[7] Martin, ‘The churches of Bishop Robert Gray and Mrs Sophia Gray: an historical and architectural review’, p. 96-99.

[8] John M. Neale and John F. Russell, A Few Hints on the Practical Study of Ecclesiastical Antiquities for the use of the Cambridge Camden Society, (Cambridge: 1840), p. 4; ACSAa, fol. AB1159f.

[9] Neale & Russell, A Few Hints on the Practical Study of Ecclesiastical Antiquities for the use of the Cambridge Camden Society,p. 43, p. 96.

[10] Gray, Life of Robert Gray, Bishop of Cape Town, p. 382.

[11] Publishing houses C. Struik Ltd (1947-2008) and Howard Timmins (1936-1993) of Cape Town were the foremost publishers of works with a focus on local interest subjects and history, while A. Balkema’s Cape division specialised in reprints of works originally published in the mid-19th century.

[12] Lois W. Banner, ‘Biography as History’, The American Historical Review CXIV, issue III, (2009), 579-586, (p. 581).

[13] Thelma Gutsche, The Bishop’s Wife, (Cape Town: H. Timmins, 1970), p. 22, 23.

[14] Jenny Coleman, ‘The ‘inferior sex in the dominant race: feminist subversions or imperial apologies?’, Feminist Review CII, 2012, 62-78, 2012, (p. 62).

[15] Martin, ‘The churches of Bishop Robert Gray and Mrs Sophia Gray: an historical and architectural review’, p. 46; ACSa fol. AB1161.

[16] Leonore Davidoff and Catherine Hall, Family fortunes: men and women of the English middle class, 1780-1850, (Rev. ed. London: Routledge, 2002), p. 155.

[17] Anne Higonnet ‘Secluded Vision: Images of Feminine Experience in 19th Century Europe’ in The Expanding Discourse, Feminism and Art History, ed. Norma Broude and Mary D. Garrard (New York: Icon Editions, 1992), pp. 171-185, (p.173).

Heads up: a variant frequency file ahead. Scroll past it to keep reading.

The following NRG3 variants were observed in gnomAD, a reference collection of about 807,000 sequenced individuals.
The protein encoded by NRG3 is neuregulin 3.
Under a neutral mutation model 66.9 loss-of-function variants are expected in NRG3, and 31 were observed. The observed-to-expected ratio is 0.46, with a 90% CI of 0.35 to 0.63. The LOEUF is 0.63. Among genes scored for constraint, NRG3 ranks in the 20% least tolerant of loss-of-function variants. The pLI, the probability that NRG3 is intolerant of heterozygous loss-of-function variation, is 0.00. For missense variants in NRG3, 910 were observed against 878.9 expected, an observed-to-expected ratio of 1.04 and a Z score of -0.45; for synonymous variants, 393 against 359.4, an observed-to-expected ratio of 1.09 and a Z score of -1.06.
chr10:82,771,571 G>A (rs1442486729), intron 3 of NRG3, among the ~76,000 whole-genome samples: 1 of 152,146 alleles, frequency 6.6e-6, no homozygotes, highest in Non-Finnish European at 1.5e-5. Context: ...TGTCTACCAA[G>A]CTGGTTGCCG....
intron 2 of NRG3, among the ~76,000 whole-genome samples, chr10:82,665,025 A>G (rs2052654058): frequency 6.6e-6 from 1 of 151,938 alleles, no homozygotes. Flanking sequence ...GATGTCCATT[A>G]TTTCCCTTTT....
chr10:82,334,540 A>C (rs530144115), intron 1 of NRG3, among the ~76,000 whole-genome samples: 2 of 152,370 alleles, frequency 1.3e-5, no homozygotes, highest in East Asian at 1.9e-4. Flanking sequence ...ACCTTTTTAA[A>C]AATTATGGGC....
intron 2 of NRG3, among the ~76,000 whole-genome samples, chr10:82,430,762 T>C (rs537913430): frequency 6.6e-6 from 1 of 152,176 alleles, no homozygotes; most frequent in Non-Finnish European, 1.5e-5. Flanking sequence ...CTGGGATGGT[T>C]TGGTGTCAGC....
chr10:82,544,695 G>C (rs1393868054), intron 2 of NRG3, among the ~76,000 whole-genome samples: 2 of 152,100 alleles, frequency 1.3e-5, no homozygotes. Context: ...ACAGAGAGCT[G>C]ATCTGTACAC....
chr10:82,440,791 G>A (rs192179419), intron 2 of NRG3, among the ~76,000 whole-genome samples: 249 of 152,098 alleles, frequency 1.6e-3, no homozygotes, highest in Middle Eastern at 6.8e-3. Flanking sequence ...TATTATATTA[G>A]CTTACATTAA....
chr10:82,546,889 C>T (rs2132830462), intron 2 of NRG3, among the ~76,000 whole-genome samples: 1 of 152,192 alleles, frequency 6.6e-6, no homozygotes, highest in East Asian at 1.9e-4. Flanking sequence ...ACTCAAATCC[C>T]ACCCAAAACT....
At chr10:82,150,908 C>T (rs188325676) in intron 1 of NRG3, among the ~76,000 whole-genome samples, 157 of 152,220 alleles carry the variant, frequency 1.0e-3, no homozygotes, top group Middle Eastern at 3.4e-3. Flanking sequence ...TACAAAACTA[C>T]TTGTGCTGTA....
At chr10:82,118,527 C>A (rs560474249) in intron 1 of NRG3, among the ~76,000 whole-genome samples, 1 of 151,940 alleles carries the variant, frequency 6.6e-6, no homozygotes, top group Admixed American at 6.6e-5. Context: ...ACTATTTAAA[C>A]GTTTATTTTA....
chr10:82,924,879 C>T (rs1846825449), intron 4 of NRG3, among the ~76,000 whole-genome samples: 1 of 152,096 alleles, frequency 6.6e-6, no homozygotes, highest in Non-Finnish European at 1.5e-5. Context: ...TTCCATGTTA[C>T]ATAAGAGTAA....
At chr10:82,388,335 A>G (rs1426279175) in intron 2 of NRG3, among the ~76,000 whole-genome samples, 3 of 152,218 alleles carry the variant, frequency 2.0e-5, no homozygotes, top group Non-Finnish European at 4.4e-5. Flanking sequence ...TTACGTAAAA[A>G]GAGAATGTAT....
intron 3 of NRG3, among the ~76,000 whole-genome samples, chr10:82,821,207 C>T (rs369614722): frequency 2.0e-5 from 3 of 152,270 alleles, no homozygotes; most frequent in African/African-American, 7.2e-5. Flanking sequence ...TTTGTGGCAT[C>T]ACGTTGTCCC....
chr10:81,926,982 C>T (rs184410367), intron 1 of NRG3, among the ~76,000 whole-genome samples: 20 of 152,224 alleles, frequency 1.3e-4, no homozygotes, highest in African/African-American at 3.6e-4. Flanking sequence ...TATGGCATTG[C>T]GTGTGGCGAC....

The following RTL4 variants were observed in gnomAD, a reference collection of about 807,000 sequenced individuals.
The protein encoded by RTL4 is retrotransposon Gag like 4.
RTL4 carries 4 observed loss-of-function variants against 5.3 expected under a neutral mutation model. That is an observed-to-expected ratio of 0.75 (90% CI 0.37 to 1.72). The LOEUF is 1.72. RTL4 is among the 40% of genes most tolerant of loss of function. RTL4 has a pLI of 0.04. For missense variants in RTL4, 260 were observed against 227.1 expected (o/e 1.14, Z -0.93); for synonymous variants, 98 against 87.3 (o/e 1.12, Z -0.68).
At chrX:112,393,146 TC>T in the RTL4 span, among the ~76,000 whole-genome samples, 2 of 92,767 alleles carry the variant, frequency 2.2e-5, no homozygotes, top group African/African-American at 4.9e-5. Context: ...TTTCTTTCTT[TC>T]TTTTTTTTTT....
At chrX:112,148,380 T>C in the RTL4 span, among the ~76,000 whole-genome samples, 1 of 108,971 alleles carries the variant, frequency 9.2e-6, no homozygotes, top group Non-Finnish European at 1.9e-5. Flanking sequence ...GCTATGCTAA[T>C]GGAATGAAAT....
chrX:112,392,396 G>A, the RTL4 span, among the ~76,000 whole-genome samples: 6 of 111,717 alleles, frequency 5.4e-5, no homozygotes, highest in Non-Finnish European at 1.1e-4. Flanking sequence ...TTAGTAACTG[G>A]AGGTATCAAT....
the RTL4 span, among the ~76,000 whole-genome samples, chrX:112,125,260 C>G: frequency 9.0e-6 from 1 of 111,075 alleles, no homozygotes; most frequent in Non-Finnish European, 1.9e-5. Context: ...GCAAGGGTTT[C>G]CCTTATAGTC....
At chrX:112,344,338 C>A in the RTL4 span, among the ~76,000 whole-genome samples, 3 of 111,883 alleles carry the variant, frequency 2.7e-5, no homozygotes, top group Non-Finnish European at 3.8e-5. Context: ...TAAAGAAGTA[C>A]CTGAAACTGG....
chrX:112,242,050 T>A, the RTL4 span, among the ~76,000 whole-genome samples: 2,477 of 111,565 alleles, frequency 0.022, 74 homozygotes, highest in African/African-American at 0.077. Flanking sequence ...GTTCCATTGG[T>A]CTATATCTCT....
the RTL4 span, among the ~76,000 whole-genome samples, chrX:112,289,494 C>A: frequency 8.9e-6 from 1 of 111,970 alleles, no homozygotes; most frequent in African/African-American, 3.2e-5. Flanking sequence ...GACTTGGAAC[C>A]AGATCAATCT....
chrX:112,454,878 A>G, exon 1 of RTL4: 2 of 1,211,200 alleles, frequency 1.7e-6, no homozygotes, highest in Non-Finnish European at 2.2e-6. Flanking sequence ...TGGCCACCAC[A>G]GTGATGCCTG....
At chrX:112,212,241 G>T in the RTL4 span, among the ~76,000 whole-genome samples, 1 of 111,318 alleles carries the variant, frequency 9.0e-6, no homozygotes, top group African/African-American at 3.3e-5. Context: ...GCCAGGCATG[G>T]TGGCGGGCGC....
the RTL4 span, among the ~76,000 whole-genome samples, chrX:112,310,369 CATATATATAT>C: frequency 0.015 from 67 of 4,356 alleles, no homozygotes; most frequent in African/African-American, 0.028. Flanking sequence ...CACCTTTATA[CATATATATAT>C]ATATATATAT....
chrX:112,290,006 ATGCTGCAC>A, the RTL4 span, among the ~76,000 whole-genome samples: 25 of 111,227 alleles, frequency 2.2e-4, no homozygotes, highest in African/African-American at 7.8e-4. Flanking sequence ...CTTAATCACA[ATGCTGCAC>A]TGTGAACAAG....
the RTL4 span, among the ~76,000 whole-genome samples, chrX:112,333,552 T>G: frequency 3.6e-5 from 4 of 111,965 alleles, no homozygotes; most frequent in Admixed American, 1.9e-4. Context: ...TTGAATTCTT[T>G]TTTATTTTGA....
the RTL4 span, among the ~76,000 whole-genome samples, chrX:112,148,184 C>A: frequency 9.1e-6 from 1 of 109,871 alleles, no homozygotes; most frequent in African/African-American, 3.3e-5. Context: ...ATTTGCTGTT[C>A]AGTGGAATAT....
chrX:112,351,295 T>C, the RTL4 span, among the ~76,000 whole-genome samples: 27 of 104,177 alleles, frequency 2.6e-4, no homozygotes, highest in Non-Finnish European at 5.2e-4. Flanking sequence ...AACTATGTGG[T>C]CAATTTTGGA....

[18] Gutsche, The Bishop’s Lady, p.15.

[19] Anthony Webster, The Debate on the Rise of the British Empire, (Manchester: Manchester University Press, 2006), p.1.

[20] R.R. Langham-Carter, ‘South Africa’s First Woman Architect’, Architect and Builder, XVII, pp.14-18.

[21] Jonathan Crary, Techniques of the observer: on vision and modernity in the nineteenth century, (Cambridge, Mass., London: MIT Press, 1996), p.5.

[22] Ian Baucom, Out of Place: Englishness, empire and the locations of identity, (Princeton, N.J., Chichester: Princeton University Press, 1999), pp. 77-83.

[23] Bishop Robert Gray of Cape Town, Three months’ visitation in the Autumn of 1855; with an account of his Voyage to the Island of Tristan d’Acunha, in March 1856, illustrations Mrs Sophia Gray (London: Bell and Daldy, 1856).

[24] Mark Crinson, Architecture-art or profession?: three hundred years of architectural education in Britain, (Manchester, UK, New York, New York: Manchester University Press, 1994), p. 38.